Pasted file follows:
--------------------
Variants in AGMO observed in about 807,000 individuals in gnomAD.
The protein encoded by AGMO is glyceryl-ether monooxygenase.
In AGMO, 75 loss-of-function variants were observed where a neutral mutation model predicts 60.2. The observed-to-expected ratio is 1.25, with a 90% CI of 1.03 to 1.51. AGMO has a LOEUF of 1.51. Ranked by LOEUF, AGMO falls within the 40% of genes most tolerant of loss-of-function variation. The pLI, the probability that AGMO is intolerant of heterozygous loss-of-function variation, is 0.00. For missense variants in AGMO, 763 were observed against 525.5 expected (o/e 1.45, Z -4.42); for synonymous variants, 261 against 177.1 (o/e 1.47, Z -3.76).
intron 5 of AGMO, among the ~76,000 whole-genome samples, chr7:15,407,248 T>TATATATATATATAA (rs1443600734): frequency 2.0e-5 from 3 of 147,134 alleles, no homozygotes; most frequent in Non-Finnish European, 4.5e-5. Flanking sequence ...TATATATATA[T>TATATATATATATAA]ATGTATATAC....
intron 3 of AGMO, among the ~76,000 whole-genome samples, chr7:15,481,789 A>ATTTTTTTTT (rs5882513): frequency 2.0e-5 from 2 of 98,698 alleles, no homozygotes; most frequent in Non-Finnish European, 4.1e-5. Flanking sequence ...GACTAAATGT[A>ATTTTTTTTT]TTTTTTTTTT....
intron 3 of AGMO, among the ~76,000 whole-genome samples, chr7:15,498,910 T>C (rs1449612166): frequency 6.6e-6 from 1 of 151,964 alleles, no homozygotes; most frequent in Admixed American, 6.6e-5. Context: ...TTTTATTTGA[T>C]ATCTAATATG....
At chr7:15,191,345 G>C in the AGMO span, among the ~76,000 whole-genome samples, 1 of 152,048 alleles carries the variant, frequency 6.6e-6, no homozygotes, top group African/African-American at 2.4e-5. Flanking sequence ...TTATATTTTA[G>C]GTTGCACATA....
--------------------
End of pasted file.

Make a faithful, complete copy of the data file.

Variants in AGMO observed in about 807,000 individuals in gnomAD.
The protein encoded by AGMO is glyceryl-ether monooxygenase.
In AGMO, 75 loss-of-function variants were observed where a neutral mutation model predicts 60.2. The observed-to-expected ratio is 1.25, with a 90% CI of 1.03 to 1.51. AGMO has a LOEUF of 1.51. Ranked by LOEUF, AGMO falls within the 40% of genes most tolerant of loss-of-function variation. The pLI, the probability that AGMO is intolerant of heterozygous loss-of-function variation, is 0.00. For missense variants in AGMO, 763 were observed against 525.5 expected (o/e 1.45, Z -4.42); for synonymous variants, 261 against 177.1 (o/e 1.47, Z -3.76).
intron 5 of AGMO, among the ~76,000 whole-genome samples, chr7:15,407,248 T>TATATATATATATAA (rs1443600734): frequency 2.0e-5 from 3 of 147,134 alleles, no homozygotes; most frequent in Non-Finnish European, 4.5e-5. Flanking sequence ...TATATATATA[T>TATATATATATATAA]ATGTATATAC....
intron 3 of AGMO, among the ~76,000 whole-genome samples, chr7:15,481,789 A>ATTTTTTTTT (rs5882513): frequency 2.0e-5 from 2 of 98,698 alleles, no homozygotes; most frequent in Non-Finnish European, 4.1e-5. Flanking sequence ...GACTAAATGT[A>ATTTTTTTTT]TTTTTTTTTT....
intron 3 of AGMO, among the ~76,000 whole-genome samples, chr7:15,498,910 T>C (rs1449612166): frequency 6.6e-6 from 1 of 151,964 alleles, no homozygotes; most frequent in Admixed American, 6.6e-5. Context: ...TTTTATTTGA[T>C]ATCTAATATG....
At chr7:15,191,345 G>C in the AGMO span, among the ~76,000 whole-genome samples, 1 of 152,048 alleles carries the variant, frequency 6.6e-6, no homozygotes, top group African/African-American at 2.4e-5. Flanking sequence ...TTATATTTTA[G>C]GTTGCACATA....